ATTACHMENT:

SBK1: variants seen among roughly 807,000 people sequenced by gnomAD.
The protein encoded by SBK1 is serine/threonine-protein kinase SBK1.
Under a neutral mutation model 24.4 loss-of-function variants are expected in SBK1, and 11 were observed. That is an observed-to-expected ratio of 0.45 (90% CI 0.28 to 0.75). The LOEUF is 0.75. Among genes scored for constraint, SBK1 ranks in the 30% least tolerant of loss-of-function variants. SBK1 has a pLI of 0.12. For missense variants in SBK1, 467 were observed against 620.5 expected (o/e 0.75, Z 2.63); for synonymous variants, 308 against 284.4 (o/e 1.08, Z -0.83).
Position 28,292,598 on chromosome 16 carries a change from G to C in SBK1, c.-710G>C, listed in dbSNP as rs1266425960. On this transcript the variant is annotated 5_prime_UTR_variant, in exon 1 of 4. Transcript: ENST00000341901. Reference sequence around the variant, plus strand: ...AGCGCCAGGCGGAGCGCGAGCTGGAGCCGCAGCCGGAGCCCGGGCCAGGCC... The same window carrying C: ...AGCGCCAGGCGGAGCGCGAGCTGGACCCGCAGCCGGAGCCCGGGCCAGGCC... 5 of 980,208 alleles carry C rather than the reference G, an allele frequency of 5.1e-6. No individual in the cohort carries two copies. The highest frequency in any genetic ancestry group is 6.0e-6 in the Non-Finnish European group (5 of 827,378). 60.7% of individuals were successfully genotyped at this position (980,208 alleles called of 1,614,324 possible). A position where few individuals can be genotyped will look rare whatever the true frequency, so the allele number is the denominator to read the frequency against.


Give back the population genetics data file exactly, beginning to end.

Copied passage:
SBK1: variants seen among roughly 807,000 people sequenced by gnomAD.
The protein encoded by SBK1 is serine/threonine-protein kinase SBK1.
Under a neutral mutation model 24.4 loss-of-function variants are expected in SBK1, and 11 were observed. That is an observed-to-expected ratio of 0.45 (90% CI 0.28 to 0.75). The LOEUF is 0.75. Among genes scored for constraint, SBK1 ranks in the 30% least tolerant of loss-of-function variants. SBK1 has a pLI of 0.12. For missense variants in SBK1, 467 were observed against 620.5 expected (o/e 0.75, Z 2.63); for synonymous variants, 308 against 284.4 (o/e 1.08, Z -0.83).
Position 28,292,598 on chromosome 16 carries a change from G to C in SBK1, c.-710G>C, listed in dbSNP as rs1266425960. On this transcript the variant is annotated 5_prime_UTR_variant, in exon 1 of 4. Transcript: ENST00000341901. Reference sequence around the variant, plus strand: ...AGCGCCAGGCGGAGCGCGAGCTGGAGCCGCAGCCGGAGCCCGGGCCAGGCC... The same window carrying C: ...AGCGCCAGGCGGAGCGCGAGCTGGACCCGCAGCCGGAGCCCGGGCCAGGCC... 5 of 980,208 alleles carry C rather than the reference G, an allele frequency of 5.1e-6. No individual in the cohort carries two copies. The highest frequency in any genetic ancestry group is 6.0e-6 in the Non-Finnish European group (5 of 827,378). 60.7% of individuals were successfully genotyped at this position (980,208 alleles called of 1,614,324 possible). A position where few individuals can be genotyped will look rare whatever the true frequency, so the allele number is the denominator to read the frequency against.